Some Common Buddhist Mudras

Images of the Buddha are made to remind us that once in history, a Buddha, Sakyamuni Buddha, existed in history about 2,500 years ago. He was not a legendary figure or a myth. Buddhists worship the Buddha directly even without having images. Images of the Buddha are sometimes used for meditation.

It is believed that images of the Buddha began to appear only during the 1st century A.D., about five or six hundred years after the passing away of the Buddha into Parinibbana.

Images of the Buddha can be classified into four different postures – sitting, standing, walking and reclining in a lying position. More importantly, the hand gestures reveal the meaning of an image.

In Buddhist iconography every Buddha is depicted with a characteristic gesture of the hands. Such gestures (of teaching, protecting, and so on) and also to certain aspects of the Buddhist teaching or of the particular Buddha depicted.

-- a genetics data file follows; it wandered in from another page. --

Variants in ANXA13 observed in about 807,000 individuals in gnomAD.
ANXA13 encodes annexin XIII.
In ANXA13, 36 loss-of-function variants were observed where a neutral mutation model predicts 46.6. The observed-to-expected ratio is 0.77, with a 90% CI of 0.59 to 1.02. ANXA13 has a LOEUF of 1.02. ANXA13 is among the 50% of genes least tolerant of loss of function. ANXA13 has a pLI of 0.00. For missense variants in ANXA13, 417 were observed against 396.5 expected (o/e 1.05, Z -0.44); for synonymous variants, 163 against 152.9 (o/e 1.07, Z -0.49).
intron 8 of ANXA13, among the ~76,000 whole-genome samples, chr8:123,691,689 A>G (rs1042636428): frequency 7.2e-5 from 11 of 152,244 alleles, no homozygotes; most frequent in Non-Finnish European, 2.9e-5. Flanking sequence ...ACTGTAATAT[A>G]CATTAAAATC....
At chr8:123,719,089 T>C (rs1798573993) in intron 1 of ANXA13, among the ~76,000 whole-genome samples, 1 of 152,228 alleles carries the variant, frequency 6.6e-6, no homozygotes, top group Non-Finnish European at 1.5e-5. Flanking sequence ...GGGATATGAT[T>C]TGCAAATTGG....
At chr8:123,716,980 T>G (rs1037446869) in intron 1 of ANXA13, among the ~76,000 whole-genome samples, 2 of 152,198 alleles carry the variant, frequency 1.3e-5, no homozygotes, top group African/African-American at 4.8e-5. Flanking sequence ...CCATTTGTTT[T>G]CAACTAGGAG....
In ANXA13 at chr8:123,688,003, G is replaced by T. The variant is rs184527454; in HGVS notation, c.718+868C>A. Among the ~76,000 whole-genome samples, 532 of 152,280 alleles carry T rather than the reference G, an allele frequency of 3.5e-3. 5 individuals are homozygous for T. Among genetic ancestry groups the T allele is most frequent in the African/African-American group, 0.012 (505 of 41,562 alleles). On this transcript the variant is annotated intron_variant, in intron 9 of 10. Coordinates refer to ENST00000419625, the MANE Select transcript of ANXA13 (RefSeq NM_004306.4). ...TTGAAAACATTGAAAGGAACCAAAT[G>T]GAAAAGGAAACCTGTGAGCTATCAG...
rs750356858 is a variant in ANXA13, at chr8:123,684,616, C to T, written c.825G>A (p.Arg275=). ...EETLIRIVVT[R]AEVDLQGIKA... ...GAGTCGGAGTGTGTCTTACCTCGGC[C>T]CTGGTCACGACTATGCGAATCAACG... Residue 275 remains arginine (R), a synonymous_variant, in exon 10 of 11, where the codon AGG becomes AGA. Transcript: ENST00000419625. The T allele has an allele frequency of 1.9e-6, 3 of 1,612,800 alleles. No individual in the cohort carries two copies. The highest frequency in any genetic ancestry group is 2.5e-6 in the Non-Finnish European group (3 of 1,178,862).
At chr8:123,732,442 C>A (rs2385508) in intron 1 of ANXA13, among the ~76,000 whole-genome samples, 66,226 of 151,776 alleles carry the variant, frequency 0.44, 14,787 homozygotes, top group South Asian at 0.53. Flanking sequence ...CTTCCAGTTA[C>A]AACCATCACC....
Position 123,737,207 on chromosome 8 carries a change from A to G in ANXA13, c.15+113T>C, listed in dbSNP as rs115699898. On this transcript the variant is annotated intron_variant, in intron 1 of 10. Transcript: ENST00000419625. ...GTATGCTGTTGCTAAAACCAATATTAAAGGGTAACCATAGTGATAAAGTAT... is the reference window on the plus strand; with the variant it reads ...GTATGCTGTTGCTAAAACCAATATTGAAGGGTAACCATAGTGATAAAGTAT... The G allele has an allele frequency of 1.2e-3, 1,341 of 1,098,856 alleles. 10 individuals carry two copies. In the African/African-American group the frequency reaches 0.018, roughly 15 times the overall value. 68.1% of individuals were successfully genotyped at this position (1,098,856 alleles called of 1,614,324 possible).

The more commonly depicted mudras are:
(1) Dhayani or Jhana Mudra (hand gesture signifies deep meditation)
(2) Vitarka Mudra (hand gesture signifies teaching of the Dhamma)
(3) Dhammachakara Mudra (hand gesture signifies preaching of the First Sermon)
(4) Bhumisparsha Mudra (hand gesture signifies pointing to the Earth)
(5) Abhaya Mudra (hand gesture signifies fearlessness and granting protection)
(6) Varada Mudra (hand gesture signifies granting wishes)
(7) Uttarabodhi Mudra (hand gesture signifies attainment of supreme enlightenment)
(8) Mudra of Supreme Wisdom
(9) Anjali Mudra (hand gesture signifies greeting and veneration)
(10) Vajrapradama Mudra (hand gesture signifies unshakable confidence)

 

The 10 common mudras will be posted at regular intervals, starting off with the first mudra on the list, i.e. Dhayan or Jhana Mudra in my next posting. So keep a look out for it.

Ten Common Buddhist Mudras

Contributor: Chin Kee Thou (YMBA, 3rd year)

Comments are closed